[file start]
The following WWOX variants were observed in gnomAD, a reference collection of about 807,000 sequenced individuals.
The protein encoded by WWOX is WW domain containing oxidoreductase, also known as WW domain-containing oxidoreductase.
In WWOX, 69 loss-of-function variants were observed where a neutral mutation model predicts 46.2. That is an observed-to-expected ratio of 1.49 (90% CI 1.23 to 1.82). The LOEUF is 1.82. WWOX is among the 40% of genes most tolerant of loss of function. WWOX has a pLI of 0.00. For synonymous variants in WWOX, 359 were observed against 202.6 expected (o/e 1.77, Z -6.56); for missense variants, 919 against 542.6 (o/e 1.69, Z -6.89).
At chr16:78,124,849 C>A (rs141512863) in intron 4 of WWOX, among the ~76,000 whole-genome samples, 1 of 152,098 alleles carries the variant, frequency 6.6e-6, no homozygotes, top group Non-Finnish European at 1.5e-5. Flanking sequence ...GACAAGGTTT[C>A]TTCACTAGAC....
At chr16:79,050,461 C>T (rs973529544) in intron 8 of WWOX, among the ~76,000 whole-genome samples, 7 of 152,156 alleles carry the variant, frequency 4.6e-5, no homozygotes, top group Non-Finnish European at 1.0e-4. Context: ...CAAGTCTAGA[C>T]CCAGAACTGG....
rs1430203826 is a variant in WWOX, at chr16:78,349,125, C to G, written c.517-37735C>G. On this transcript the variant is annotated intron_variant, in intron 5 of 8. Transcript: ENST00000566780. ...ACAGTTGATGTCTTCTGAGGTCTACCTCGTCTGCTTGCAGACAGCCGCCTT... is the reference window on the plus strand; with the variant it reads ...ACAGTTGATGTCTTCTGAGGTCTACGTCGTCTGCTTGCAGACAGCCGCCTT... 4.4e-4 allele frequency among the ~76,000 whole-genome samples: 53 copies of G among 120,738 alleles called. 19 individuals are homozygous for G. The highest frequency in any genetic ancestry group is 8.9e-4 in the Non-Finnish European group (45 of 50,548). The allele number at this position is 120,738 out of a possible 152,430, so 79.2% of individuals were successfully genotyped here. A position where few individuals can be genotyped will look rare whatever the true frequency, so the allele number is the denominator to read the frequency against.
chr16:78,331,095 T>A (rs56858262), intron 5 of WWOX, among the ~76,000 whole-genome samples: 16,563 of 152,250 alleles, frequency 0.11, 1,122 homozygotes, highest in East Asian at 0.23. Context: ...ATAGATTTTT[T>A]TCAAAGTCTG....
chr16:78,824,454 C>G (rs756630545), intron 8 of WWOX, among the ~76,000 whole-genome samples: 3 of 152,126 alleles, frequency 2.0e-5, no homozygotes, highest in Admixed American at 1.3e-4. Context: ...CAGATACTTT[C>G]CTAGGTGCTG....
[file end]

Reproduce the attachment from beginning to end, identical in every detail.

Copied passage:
The following WWOX variants were observed in gnomAD, a reference collection of about 807,000 sequenced individuals.
The protein encoded by WWOX is WW domain containing oxidoreductase, also known as WW domain-containing oxidoreductase.
In WWOX, 69 loss-of-function variants were observed where a neutral mutation model predicts 46.2. That is an observed-to-expected ratio of 1.49 (90% CI 1.23 to 1.82). The LOEUF is 1.82. WWOX is among the 40% of genes most tolerant of loss of function. WWOX has a pLI of 0.00. For synonymous variants in WWOX, 359 were observed against 202.6 expected (o/e 1.77, Z -6.56); for missense variants, 919 against 542.6 (o/e 1.69, Z -6.89).
At chr16:78,124,849 C>A (rs141512863) in intron 4 of WWOX, among the ~76,000 whole-genome samples, 1 of 152,098 alleles carries the variant, frequency 6.6e-6, no homozygotes, top group Non-Finnish European at 1.5e-5. Flanking sequence ...GACAAGGTTT[C>A]TTCACTAGAC....
At chr16:79,050,461 C>T (rs973529544) in intron 8 of WWOX, among the ~76,000 whole-genome samples, 7 of 152,156 alleles carry the variant, frequency 4.6e-5, no homozygotes, top group Non-Finnish European at 1.0e-4. Context: ...CAAGTCTAGA[C>T]CCAGAACTGG....
rs1430203826 is a variant in WWOX, at chr16:78,349,125, C to G, written c.517-37735C>G. On this transcript the variant is annotated intron_variant, in intron 5 of 8. Transcript: ENST00000566780. ...ACAGTTGATGTCTTCTGAGGTCTACCTCGTCTGCTTGCAGACAGCCGCCTT... is the reference window on the plus strand; with the variant it reads ...ACAGTTGATGTCTTCTGAGGTCTACGTCGTCTGCTTGCAGACAGCCGCCTT... 4.4e-4 allele frequency among the ~76,000 whole-genome samples: 53 copies of G among 120,738 alleles called. 19 individuals are homozygous for G. The highest frequency in any genetic ancestry group is 8.9e-4 in the Non-Finnish European group (45 of 50,548). The allele number at this position is 120,738 out of a possible 152,430, so 79.2% of individuals were successfully genotyped here. A position where few individuals can be genotyped will look rare whatever the true frequency, so the allele number is the denominator to read the frequency against.
chr16:78,331,095 T>A (rs56858262), intron 5 of WWOX, among the ~76,000 whole-genome samples: 16,563 of 152,250 alleles, frequency 0.11, 1,122 homozygotes, highest in East Asian at 0.23. Context: ...ATAGATTTTT[T>A]TCAAAGTCTG....
chr16:78,824,454 C>G (rs756630545), intron 8 of WWOX, among the ~76,000 whole-genome samples: 3 of 152,126 alleles, frequency 2.0e-5, no homozygotes, highest in Admixed American at 1.3e-4. Context: ...CAGATACTTT[C>G]CTAGGTGCTG....